Date of Award


Document Type

Open Access

Degree Name

Bachelor of Arts



First Advisor

Kenneth Aslakson




film, movies, cinema, America, history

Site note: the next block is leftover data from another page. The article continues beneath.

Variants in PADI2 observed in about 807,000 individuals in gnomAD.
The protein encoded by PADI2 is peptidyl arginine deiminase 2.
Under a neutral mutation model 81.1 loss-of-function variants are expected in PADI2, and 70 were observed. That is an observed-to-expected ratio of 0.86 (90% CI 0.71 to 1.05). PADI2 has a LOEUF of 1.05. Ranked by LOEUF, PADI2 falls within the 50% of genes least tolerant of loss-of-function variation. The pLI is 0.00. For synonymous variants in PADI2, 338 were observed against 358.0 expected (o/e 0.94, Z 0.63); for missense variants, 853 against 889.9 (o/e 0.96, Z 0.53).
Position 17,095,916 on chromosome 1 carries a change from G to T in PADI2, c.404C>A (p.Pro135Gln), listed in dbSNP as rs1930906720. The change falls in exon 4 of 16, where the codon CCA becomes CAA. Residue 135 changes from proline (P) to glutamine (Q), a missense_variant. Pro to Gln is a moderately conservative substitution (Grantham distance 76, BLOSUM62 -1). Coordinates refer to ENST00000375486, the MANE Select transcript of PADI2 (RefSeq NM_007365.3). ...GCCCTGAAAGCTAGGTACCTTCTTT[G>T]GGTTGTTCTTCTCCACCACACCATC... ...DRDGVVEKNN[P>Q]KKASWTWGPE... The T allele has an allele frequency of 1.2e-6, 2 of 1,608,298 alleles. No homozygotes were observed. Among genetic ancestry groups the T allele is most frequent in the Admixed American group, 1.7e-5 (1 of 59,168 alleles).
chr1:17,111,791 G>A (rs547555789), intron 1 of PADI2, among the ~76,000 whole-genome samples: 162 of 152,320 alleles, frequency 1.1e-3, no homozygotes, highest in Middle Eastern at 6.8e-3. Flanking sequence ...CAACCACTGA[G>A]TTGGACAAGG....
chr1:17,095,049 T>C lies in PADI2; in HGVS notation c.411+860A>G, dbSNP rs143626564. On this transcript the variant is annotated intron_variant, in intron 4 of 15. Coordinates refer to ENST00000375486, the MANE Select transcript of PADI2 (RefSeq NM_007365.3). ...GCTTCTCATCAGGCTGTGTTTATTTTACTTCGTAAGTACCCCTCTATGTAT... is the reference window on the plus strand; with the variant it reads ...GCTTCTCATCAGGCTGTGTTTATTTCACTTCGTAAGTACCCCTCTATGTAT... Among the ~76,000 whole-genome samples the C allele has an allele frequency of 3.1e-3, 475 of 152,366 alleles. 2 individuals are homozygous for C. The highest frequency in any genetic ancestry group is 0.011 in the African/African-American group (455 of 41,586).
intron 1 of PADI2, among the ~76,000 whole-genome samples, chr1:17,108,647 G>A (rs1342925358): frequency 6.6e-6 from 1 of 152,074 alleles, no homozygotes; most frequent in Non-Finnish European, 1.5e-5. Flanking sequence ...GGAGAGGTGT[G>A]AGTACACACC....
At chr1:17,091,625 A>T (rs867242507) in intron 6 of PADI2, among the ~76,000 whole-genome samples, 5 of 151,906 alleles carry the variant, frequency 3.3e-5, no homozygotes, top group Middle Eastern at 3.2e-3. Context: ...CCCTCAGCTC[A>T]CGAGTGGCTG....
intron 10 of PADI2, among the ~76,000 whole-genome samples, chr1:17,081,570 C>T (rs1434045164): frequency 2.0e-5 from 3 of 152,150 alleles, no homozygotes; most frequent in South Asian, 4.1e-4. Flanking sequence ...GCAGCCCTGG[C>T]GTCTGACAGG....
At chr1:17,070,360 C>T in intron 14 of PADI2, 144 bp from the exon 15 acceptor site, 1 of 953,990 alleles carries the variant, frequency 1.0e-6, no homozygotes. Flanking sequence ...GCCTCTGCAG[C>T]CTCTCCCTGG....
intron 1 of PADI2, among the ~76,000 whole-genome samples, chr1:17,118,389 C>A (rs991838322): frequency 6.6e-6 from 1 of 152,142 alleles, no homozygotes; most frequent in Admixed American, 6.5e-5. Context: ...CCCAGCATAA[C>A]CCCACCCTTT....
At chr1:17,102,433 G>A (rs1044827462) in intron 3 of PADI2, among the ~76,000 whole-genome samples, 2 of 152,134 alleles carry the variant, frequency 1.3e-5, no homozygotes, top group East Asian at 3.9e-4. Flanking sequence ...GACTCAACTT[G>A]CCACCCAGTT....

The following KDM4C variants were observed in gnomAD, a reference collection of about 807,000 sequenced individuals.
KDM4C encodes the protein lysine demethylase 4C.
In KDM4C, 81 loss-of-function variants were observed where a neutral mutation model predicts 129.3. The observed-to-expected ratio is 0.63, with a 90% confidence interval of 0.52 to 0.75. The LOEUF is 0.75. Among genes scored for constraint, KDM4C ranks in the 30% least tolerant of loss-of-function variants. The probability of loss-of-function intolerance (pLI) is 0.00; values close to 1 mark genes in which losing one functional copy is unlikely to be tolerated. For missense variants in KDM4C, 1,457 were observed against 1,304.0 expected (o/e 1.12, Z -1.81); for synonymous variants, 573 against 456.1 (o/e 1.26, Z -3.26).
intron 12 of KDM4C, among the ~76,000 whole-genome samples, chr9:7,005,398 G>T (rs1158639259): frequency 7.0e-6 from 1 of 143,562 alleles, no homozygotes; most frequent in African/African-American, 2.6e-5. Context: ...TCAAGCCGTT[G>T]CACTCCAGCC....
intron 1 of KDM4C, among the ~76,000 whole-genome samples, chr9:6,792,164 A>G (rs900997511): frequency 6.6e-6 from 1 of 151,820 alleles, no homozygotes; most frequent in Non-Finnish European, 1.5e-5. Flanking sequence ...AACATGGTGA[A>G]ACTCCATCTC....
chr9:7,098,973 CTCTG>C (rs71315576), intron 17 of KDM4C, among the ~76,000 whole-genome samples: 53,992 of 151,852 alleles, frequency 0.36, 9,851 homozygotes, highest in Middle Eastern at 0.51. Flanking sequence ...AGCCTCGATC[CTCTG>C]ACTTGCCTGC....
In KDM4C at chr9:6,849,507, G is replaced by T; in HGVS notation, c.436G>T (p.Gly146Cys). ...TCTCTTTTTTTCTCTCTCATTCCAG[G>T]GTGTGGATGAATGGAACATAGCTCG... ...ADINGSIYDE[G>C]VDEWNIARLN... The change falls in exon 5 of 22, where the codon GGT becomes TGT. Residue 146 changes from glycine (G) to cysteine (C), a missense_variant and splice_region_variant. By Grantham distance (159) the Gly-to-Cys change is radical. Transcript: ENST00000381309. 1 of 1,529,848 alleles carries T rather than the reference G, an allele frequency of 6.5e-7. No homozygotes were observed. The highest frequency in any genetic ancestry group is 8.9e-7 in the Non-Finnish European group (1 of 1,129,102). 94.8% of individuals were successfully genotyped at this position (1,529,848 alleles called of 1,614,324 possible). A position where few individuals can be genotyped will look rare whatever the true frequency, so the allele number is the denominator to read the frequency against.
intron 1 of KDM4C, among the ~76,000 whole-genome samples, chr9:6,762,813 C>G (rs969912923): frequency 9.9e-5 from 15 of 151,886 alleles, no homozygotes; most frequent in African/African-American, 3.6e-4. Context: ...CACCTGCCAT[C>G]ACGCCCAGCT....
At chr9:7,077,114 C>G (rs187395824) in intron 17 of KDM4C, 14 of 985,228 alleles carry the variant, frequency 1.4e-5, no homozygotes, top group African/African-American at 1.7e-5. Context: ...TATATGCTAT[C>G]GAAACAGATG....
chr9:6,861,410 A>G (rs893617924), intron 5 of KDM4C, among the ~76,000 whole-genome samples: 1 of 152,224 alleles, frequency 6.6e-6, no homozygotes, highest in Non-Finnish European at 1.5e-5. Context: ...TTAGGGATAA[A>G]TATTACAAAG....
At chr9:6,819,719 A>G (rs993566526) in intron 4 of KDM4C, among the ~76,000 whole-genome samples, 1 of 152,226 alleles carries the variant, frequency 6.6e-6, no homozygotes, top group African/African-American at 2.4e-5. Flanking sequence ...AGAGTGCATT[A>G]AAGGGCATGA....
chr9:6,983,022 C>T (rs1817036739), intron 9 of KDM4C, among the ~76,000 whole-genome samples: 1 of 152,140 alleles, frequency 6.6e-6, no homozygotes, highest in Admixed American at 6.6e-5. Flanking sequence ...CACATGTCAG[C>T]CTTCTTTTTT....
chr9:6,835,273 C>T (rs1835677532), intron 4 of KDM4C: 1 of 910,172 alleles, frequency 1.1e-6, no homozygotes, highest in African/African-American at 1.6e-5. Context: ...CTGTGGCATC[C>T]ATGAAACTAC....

My thesis examines the cultural formation of the social experience of “going to the movies.” There is no doubt of a unique quality associated with going to the movies that holds a significant place in America’s cultural history. It is quite difficult to imagine life without movies. Their visually stimulating effects successfully captivate our minds and allow for a short period of solace from reality. Furthermore, there is something magical at work in the social tradition of going to the movies where the idea of sitting in a dark auditorium filled with strangers all sharing the same viewing experience. This social tradition began to form at the advent of cinema in the late 1890s and was firmly established in the following twenty years. The interaction between the establishment of a new industry, advancements in aesthetics of the medium, and cultivating urban setting of New York City coalesced to create the fundamental idea people associate with “going to the movies.” This paper is organized into three chapters. The first chapter focuses on the burgeoning of the film industry in America as a trade analyzing the developments chronologically. Drawing the conclusion that the industry developed as a result of passing through five stages, being a culmination of developments combining technological advancements as well as economic and legal decisions. Chapter two is dedicated to a case study examining the aesthetics in film through Edwin S. Porter’s The Great Train Robbery (1903) and D. W. Griffith’s The Birth of a Nation (1915). By analyzing each film’s aesthetic qualities, one can see a progression in narrative and creative style allowed because of the advancements in technology and industry. Finally, chapter three devotes its entirety to a chronology of how the movies developed as a cultural aspect in New York City from the sole use of primary sources. It was the demanding of multiple kinds of regulations that resulted in a permanent home for the movies. From newspaper and trade paper articles, specifically the New York Times and Moving Picture World, there is a clear indication that New York City can be credited to forming the experience coined as “going to the movies.” I end my study in at the end of 1917 with the completion of Rivoli Theater because it solidifies the permanent establishment of a movie-going culture. To conclude the paper, a summary of each element in the factor of the initial years of the film industry is explained connecting them to ratify the importance of how such a cultural phenomenon was born. I am interested in this topic because I have a strong passion for the movies. My grandfather, Sam Horwitz, owned movie theaters in New York City in the 1960s and growing up I always felt a special connection whether through stories or pictures. My grandfather was also an active City Councilman during that time where his role as a politician and exhibitionist in the community worked together, similar to the connection in the early 1900s between the City’s Alderman and industry. Because the New York Times was one of the main newspapers in New York during the twentieth century, I chose it as one of my primary sources. I examined over one hundred and forty articles from 1896-1930, to conclude that the formation of “going to the movies” was created in its first twenty years of existence.